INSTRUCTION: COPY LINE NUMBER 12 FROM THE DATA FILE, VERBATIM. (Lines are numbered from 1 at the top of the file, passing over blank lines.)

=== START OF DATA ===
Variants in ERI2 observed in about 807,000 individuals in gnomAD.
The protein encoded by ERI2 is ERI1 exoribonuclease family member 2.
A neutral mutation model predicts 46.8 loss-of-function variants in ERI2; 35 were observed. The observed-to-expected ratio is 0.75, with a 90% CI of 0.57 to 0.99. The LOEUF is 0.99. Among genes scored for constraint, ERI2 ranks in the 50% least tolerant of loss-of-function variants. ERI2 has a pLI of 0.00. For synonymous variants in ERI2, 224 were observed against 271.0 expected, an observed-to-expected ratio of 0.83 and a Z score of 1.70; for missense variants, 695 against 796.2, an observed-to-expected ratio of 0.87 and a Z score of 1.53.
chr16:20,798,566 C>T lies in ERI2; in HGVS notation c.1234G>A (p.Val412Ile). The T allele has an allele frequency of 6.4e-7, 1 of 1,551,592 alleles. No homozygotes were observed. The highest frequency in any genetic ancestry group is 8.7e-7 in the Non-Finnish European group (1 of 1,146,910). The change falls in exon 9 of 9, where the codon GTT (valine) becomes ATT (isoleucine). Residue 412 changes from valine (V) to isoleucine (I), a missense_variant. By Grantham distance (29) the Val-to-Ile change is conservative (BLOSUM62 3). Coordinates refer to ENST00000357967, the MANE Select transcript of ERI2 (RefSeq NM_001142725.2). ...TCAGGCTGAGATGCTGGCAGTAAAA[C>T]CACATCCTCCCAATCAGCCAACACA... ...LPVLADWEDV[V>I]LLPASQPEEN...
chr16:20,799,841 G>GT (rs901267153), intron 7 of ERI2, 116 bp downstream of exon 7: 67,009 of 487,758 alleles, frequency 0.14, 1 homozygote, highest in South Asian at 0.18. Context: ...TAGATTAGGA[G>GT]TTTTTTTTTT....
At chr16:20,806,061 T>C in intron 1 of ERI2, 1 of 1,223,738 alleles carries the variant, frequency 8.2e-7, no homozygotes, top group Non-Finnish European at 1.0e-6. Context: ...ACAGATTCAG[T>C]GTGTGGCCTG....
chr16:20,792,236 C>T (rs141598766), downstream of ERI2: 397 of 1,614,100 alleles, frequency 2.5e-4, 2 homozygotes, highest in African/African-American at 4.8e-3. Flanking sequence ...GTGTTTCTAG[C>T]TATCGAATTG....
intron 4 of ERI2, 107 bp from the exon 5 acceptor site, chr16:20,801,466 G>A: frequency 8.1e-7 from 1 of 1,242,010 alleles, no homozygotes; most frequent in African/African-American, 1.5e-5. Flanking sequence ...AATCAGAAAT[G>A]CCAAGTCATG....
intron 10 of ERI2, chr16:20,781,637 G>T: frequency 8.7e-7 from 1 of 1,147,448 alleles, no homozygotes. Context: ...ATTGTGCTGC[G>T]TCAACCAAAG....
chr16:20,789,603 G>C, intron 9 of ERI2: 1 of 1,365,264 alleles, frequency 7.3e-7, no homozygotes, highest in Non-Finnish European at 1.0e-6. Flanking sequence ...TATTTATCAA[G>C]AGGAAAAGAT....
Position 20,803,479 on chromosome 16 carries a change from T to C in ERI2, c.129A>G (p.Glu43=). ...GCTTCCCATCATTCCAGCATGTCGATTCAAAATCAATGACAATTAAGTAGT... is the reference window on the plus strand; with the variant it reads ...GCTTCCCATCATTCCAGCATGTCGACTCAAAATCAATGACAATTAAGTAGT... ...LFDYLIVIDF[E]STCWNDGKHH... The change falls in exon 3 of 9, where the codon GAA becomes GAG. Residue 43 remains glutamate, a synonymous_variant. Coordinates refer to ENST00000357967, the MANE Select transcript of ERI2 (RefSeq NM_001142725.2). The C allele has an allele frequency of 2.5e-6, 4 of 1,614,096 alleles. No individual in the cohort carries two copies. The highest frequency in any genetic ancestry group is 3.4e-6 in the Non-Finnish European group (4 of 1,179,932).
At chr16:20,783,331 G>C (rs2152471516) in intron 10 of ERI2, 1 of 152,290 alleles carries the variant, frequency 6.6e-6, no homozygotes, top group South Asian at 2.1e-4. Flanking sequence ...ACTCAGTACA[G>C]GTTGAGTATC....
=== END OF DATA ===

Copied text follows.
At chr16:20,783,331 G>C (rs2152471516) in intron 10 of ERI2, 1 of 152,290 alleles carries the variant, frequency 6.6e-6, no homozygotes, top group South Asian at 2.1e-4. Flanking sequence ...ACTCAGTACA[G>C]GTTGAGTATC....